Lawrence, Kansas-based photographer Earl Richardson’s latest set of wet plate portraits was commissioned by the Emerson Collective as part of their ongoing photo series titled “America Seen.” The organization, which focuses on education, immigration reform, the environment, media, and journalism, devised this series to reflect the varied experiences of American photographers across the country.
Taken at a pivotal time when the US was in the midst of dealing with a global pandemic, Earl’s wet plate images offer an intimate glimpse at the photographer’s view of America through a series of portraits of his family in their home. The house where the photos were taken was ironically built in 1918, during the last severe pandemic.
While Earl had never worked with the Emerson Collective before, he knew Barb Kinney, their photo editor, from attending the University of Kansas in the late 1970s. Barb had seen some of Earl’s wet-plate photography work and thought it would make an excellent addition to the series, so she approached him about working on the project.
Barb contacted me about doing some wet plate images of what America looked like to me. She thought it would be nice to have a selection of wet plate photos to go with the images being made by other photographers across the country. When business was slow for me, I was very excited to utilize the medium to create images for this project.
Earl first became interested in wet plate photography seven years ago and often utilized the medium in his personal work. Also known as the wet-collodion process, the early photographic technique dates back to 1851. It produces captivating black-and-white images with heavy contrasts while maintaining a somewhat imperfect gritty look.
I did it purely for fun and never intended to do it commercially. Except for a few commissioned portraits, this was the first time an entity like this had ever sought me out to do wet plate.
Typically, Earl doesn’t use this technique for commercial work due to the challenges that come from producing photographs in this way. The process is slow and involves utilizing chemicals to produce images on black glass, black plexiglass, or aluminum — in this case, the images were produced as tintypes by using aluminum. Even after many years of practice, the results are often entirely different from what you envisioned when capturing the image. However, Earl’s dedication to keeping the art form alive and the uncertainty of what you might get is part of what makes this commission special.
I’m always on the lookout for clients who might use the unique look, but I had never found a client who I felt was a good fit (or who wanted to indulge the unpredictability of the process), so for someone to commission me to do this was a real treat.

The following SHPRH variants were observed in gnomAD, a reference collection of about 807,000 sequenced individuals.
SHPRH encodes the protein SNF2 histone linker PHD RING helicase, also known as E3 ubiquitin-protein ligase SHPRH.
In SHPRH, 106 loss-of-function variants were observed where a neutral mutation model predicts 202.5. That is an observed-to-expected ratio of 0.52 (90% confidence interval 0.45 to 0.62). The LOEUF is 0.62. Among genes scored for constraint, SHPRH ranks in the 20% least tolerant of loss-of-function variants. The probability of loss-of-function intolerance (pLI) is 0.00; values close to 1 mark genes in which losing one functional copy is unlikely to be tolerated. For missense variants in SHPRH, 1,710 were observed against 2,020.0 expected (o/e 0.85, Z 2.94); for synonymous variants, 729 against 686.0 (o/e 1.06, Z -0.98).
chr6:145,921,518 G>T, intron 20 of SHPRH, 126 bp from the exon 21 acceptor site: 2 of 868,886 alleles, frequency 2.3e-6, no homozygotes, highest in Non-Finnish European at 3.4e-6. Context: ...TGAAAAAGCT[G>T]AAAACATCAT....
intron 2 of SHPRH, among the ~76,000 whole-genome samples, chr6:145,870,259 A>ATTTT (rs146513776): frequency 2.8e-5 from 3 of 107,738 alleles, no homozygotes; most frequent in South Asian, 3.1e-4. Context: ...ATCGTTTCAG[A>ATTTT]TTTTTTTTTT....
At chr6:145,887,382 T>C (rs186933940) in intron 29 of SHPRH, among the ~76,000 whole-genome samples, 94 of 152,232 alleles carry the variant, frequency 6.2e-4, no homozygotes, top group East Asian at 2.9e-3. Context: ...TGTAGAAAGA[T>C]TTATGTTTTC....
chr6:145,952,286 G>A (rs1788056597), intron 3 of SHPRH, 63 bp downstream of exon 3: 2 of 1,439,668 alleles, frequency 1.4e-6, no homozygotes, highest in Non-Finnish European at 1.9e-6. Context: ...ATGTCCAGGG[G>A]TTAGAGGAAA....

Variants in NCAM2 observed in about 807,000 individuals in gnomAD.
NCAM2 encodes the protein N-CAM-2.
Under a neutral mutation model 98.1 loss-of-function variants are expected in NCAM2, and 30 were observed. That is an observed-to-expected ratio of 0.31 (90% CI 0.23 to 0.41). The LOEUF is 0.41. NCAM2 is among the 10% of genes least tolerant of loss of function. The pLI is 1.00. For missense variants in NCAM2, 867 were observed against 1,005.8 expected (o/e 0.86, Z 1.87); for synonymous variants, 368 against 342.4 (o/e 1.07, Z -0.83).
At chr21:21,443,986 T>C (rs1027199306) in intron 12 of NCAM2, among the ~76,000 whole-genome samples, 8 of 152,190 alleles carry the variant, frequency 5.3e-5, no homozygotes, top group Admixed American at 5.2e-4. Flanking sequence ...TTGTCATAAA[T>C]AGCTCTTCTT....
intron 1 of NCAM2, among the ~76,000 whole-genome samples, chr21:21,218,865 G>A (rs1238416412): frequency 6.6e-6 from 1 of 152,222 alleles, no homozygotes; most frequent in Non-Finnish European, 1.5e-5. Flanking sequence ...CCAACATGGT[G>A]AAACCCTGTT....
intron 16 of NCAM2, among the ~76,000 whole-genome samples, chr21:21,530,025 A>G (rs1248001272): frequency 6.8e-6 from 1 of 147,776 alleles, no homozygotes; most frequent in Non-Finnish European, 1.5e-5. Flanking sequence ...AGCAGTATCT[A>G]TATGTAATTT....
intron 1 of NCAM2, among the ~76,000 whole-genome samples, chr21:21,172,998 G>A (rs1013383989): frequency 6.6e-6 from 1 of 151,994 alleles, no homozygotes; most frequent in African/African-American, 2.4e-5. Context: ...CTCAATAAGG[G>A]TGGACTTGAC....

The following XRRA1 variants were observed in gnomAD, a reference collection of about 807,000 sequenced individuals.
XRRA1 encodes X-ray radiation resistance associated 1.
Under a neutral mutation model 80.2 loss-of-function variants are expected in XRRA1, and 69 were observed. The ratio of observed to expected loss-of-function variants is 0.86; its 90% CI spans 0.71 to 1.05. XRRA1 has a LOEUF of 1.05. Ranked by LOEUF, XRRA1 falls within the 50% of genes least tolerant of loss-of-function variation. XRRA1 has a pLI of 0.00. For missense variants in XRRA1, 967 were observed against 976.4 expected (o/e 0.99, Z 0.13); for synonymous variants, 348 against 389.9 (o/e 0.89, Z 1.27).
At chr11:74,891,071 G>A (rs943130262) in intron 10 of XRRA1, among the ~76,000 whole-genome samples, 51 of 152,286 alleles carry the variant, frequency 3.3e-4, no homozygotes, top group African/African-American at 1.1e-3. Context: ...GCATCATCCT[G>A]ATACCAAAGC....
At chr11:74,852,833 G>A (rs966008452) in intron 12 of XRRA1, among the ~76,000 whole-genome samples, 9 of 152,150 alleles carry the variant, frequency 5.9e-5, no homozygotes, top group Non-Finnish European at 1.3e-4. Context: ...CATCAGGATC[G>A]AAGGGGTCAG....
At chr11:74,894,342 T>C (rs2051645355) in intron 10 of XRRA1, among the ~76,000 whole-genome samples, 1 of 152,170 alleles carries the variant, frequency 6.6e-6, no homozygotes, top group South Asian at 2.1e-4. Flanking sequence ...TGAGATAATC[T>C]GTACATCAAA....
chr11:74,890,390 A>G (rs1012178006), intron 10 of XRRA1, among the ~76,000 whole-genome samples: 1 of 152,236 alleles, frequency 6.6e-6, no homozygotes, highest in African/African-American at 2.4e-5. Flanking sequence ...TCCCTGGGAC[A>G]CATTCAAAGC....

For this project, Earl was given free rein to photograph how he saw America through his lens. He was given four weeks to complete the project, but all his travel plans for the year were permanently on pause due to the pandemic. As the US gradually shut down, Earl shifted gears from traveling for commissioned projects and a planned vacation to Ireland to spending time at home with family. He decided then to capture the people closest to him and objects at his home to truly reflect his view of ‘America’ at that moment in time.
My America was very constricted geographically after March 2020. Most of my clients are colleges and universities, so in about a week, I saw my entire calendar of work for the year wiped clean. I’m thankful that my family members willingly gave their time for this and that my wife Teresa put up with my moodiness when I was working in the heat making these plates.
When utilizing this technique to photograph people, patience is vital. The large-format camera can be cumbersome, and the wet plate collodion process has low light sensitivity. The images here utilize a mixture of strobes and ambient light, which need longer exposures. Hence, when posing for the images, subjects often have to stay very still and hold poses for exposures of up to 10 seconds to avoid being motion blurred. When reflecting on the process, Earl felt this was the perfect metaphor for how everything felt during the pandemic, as if frozen in time.
It’s a slow process and has a certain heaviness for the subject and the viewer; you’re confronted with a massive camera and are being asked to stand dead still for a period while I focus the camera. The timeless gravitas and seriousness of the images seemed suited for the present situation.
When you look closely at the images of his wife, daughters, and kids, there are hints of the intimate moments that happened during this time. For example, a tiara worn on a kid’s birthday and a pensive moment of calm enjoyed by his wife in their garden. The technique also lends a moody, nostalgic quality to the images that add to the overall sensation that you’ve been given the privilege to look inside someone’s personal life.
The project allowed Earl to get creative while also serving as a vehicle to process the reality of what was happening around him. While he usually prides himself on producing the cleanest wet plate images that are void of marks or messy edges, for this project, he decided to embrace imperfection, and it lends the images an additional sense of perspective.
As hard as I tried to make the cleanest plates possible, the plates I made for this project seemed messy around the edges. I don’t know if I was subconsciously affecting how I was making plates, but after a few, I decided to embrace what I saw because I thought it reflected what I felt as we were navigating this virus. To me, everything felt chaotic.
See more of Earl’s work on his website.
Photographer: Earl Richardson